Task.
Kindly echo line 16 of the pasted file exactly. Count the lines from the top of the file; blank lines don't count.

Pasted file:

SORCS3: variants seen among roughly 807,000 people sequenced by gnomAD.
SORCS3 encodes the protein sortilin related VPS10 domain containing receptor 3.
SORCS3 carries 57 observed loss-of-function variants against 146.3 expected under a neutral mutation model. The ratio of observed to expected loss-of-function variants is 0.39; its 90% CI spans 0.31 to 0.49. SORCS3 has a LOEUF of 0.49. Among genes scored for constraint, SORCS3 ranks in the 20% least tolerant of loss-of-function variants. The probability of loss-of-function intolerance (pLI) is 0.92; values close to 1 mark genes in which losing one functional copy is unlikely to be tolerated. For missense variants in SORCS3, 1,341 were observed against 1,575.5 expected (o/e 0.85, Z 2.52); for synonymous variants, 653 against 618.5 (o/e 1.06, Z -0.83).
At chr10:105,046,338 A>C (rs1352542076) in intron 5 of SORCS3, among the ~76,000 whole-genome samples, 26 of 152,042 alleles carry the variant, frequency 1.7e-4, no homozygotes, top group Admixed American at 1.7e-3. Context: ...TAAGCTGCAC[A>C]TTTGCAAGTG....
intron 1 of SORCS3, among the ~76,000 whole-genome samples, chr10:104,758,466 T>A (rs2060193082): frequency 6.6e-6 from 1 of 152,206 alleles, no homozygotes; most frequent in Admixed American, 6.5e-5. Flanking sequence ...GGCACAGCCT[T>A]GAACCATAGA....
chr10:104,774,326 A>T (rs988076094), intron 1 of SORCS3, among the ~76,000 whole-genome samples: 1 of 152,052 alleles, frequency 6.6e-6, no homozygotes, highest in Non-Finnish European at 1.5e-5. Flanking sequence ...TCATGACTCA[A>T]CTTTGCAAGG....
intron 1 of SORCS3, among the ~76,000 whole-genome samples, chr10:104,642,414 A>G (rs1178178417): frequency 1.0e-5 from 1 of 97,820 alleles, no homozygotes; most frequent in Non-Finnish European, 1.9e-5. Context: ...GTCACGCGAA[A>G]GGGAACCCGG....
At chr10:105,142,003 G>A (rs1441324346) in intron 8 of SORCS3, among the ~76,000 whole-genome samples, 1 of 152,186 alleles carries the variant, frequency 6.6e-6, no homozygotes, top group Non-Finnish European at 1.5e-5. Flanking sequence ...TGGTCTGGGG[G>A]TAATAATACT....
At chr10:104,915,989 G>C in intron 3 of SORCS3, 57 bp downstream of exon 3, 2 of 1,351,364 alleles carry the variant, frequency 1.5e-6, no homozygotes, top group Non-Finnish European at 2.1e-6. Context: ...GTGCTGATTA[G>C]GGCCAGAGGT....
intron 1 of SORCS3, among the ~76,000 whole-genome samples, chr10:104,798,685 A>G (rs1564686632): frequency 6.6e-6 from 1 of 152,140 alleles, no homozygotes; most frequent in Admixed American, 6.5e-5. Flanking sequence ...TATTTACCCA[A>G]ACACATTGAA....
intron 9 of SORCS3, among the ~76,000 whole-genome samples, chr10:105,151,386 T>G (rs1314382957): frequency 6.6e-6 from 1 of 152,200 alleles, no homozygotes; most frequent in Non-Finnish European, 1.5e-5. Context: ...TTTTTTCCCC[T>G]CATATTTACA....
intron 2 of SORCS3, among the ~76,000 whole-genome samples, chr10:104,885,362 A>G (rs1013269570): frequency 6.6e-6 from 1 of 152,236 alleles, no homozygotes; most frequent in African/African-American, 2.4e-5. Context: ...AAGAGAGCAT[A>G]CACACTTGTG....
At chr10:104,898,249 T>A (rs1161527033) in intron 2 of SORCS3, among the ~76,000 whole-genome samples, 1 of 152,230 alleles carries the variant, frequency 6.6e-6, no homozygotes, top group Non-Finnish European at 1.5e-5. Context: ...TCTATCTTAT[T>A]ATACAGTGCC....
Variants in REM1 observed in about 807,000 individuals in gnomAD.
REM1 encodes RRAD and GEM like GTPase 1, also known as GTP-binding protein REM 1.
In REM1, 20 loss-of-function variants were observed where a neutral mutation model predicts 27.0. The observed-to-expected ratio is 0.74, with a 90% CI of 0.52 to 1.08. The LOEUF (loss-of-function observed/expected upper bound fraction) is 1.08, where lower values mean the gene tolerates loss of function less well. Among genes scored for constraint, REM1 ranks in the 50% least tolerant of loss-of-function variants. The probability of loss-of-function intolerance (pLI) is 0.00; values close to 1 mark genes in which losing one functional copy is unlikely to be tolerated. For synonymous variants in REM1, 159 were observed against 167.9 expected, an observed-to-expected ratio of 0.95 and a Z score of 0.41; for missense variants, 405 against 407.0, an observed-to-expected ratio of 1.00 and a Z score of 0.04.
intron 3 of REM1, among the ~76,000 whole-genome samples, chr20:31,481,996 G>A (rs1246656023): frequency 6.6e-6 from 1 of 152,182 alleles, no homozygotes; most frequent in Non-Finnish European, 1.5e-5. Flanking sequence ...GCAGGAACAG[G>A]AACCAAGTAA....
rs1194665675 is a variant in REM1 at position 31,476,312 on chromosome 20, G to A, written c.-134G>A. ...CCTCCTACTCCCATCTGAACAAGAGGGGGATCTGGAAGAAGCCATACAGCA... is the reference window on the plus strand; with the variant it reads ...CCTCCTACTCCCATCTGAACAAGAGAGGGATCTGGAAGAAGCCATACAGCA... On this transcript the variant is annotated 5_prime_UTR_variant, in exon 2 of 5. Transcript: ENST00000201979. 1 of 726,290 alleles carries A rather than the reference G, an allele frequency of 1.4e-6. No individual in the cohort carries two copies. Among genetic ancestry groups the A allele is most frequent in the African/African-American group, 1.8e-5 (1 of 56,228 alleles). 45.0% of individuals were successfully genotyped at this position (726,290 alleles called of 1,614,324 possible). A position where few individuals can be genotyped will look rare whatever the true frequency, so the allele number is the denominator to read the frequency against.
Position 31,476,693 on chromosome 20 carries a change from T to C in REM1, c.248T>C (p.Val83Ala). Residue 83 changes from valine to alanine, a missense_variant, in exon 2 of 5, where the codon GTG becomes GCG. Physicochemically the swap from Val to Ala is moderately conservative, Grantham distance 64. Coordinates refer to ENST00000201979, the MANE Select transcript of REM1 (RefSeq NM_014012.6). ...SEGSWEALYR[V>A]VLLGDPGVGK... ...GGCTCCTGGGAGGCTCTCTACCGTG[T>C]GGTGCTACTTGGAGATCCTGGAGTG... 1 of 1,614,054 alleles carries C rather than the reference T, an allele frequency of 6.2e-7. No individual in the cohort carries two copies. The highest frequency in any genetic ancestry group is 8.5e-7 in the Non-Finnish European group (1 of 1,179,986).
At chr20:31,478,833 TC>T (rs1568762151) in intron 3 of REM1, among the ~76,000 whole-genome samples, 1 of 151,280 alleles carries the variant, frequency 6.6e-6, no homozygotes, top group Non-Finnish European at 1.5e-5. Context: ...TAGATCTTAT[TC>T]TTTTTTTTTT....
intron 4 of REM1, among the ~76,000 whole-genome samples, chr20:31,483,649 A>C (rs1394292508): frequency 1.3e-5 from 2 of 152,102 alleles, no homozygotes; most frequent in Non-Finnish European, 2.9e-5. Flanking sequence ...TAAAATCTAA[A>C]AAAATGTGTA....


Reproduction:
In REM1, 20 loss-of-function variants were observed where a neutral mutation model predicts 27.0. The observed-to-expected ratio is 0.74, with a 90% CI of 0.52 to 1.08. The LOEUF (loss-of-function observed/expected upper bound fraction) is 1.08, where lower values mean the gene tolerates loss of function less well. Among genes scored for constraint, REM1 ranks in the 50% least tolerant of loss-of-function variants. The probability of loss-of-function intolerance (pLI) is 0.00; values close to 1 mark genes in which losing one functional copy is unlikely to be tolerated. For synonymous variants in REM1, 159 were observed against 167.9 expected, an observed-to-expected ratio of 0.95 and a Z score of 0.41; for missense variants, 405 against 407.0, an observed-to-expected ratio of 1.00 and a Z score of 0.04.